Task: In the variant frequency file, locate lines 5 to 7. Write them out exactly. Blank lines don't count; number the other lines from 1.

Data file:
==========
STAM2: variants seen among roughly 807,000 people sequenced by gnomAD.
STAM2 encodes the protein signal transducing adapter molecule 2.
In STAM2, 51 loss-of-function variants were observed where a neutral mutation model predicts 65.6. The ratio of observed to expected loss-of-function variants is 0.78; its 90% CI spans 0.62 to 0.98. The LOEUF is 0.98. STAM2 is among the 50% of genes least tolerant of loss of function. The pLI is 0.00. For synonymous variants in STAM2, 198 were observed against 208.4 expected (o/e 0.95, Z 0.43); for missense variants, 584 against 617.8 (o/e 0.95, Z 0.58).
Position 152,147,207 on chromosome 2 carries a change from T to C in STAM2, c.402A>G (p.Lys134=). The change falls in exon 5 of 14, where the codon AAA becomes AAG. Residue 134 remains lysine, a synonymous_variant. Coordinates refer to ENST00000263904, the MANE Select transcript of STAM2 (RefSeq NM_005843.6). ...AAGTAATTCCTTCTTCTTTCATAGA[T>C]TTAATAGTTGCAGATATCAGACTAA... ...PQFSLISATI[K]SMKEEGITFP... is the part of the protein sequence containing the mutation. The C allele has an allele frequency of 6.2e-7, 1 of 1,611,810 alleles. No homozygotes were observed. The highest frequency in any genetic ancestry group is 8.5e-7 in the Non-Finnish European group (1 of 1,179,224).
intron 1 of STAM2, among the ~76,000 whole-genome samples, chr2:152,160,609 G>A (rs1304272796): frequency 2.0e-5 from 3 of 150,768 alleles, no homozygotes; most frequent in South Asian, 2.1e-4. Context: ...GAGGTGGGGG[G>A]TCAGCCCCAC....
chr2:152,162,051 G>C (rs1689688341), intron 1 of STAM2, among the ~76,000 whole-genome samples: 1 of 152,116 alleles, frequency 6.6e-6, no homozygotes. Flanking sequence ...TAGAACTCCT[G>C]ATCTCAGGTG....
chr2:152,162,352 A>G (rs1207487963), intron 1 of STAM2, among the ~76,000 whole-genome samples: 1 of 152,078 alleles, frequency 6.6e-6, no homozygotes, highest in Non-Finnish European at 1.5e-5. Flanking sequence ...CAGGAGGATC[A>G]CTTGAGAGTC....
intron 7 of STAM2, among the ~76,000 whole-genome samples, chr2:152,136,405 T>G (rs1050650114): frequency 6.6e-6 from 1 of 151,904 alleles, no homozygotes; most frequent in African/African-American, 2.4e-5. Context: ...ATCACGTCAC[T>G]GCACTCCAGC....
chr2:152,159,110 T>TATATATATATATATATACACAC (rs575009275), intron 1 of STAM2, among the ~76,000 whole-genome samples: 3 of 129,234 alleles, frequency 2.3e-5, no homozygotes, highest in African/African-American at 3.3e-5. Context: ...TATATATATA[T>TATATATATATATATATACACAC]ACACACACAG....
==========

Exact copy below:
intron 1 of STAM2, among the ~76,000 whole-genome samples, chr2:152,160,609 G>A (rs1304272796): frequency 2.0e-5 from 3 of 150,768 alleles, no homozygotes; most frequent in South Asian, 2.1e-4. Context: ...GAGGTGGGGG[G>A]TCAGCCCCAC....
chr2:152,162,051 G>C (rs1689688341), intron 1 of STAM2, among the ~76,000 whole-genome samples: 1 of 152,116 alleles, frequency 6.6e-6, no homozygotes. Flanking sequence ...TAGAACTCCT[G>C]ATCTCAGGTG....
chr2:152,162,352 A>G (rs1207487963), intron 1 of STAM2, among the ~76,000 whole-genome samples: 1 of 152,078 alleles, frequency 6.6e-6, no homozygotes, highest in Non-Finnish European at 1.5e-5. Flanking sequence ...CAGGAGGATC[A>G]CTTGAGAGTC....